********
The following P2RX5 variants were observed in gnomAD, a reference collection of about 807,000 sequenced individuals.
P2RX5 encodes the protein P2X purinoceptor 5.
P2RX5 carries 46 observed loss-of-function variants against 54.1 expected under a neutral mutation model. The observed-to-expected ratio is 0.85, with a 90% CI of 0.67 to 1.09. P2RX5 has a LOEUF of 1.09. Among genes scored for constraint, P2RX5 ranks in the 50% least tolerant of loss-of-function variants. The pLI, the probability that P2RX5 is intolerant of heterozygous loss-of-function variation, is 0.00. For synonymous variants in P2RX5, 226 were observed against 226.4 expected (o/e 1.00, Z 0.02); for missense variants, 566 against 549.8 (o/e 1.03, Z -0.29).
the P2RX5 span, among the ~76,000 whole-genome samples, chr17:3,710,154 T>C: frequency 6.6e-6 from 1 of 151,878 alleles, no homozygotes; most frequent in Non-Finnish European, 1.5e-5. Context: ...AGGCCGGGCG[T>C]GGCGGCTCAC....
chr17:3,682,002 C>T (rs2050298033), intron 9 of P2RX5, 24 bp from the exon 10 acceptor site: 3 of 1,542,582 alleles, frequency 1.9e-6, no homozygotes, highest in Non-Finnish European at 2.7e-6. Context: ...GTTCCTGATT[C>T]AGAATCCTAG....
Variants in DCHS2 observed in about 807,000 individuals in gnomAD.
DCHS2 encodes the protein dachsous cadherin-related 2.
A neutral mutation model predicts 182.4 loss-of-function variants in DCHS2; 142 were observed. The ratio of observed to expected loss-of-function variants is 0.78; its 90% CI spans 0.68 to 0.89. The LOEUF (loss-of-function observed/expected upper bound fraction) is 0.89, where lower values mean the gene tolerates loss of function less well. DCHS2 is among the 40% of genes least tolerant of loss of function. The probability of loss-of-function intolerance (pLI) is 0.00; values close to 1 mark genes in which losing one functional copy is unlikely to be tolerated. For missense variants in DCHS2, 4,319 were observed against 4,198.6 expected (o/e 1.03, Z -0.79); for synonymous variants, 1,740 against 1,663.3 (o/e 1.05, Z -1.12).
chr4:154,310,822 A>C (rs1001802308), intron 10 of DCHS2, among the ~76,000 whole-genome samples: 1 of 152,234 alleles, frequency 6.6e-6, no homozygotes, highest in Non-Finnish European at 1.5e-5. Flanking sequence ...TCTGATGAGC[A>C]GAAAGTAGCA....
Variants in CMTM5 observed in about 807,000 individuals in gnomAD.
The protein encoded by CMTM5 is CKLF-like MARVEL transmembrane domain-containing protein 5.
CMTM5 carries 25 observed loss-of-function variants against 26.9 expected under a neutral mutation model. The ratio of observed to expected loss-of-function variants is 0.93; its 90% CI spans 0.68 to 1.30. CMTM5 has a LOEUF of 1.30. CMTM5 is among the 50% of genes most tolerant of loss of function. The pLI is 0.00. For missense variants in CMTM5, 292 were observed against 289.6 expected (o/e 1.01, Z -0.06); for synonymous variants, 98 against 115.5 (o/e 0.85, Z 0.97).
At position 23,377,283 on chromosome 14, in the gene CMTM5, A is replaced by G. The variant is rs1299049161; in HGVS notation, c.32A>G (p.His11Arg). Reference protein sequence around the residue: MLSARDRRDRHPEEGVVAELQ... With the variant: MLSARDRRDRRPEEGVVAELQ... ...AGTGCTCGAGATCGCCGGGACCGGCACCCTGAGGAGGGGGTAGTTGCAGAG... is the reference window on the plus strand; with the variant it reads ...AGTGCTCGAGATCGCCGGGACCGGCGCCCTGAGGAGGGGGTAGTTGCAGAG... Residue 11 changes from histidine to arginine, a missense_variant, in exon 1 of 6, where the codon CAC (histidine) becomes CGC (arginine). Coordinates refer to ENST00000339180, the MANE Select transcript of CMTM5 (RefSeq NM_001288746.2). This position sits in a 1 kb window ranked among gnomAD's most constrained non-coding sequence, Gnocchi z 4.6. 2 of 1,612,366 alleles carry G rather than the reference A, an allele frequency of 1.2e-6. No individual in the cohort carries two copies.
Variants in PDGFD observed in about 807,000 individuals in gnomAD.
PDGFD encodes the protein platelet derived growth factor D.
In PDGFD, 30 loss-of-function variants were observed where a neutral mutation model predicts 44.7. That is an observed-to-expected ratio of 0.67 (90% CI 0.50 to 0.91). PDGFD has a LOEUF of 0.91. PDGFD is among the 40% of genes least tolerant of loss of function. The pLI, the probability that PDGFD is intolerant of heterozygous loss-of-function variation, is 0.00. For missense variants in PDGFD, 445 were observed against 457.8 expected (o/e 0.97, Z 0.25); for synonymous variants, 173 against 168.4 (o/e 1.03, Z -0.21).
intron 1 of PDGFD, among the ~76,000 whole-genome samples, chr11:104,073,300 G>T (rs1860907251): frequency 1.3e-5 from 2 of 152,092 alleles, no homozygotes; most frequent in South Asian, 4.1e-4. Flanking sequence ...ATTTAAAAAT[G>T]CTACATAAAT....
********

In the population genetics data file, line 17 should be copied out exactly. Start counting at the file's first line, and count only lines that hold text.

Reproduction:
intron 1 of PDGFD, among the ~76,000 whole-genome samples, chr11:104,073,300 G>T (rs1860907251): frequency 1.3e-5 from 2 of 152,092 alleles, no homozygotes; most frequent in South Asian, 4.1e-4. Flanking sequence ...ATTTAAAAAT[G>T]CTACATAAAT....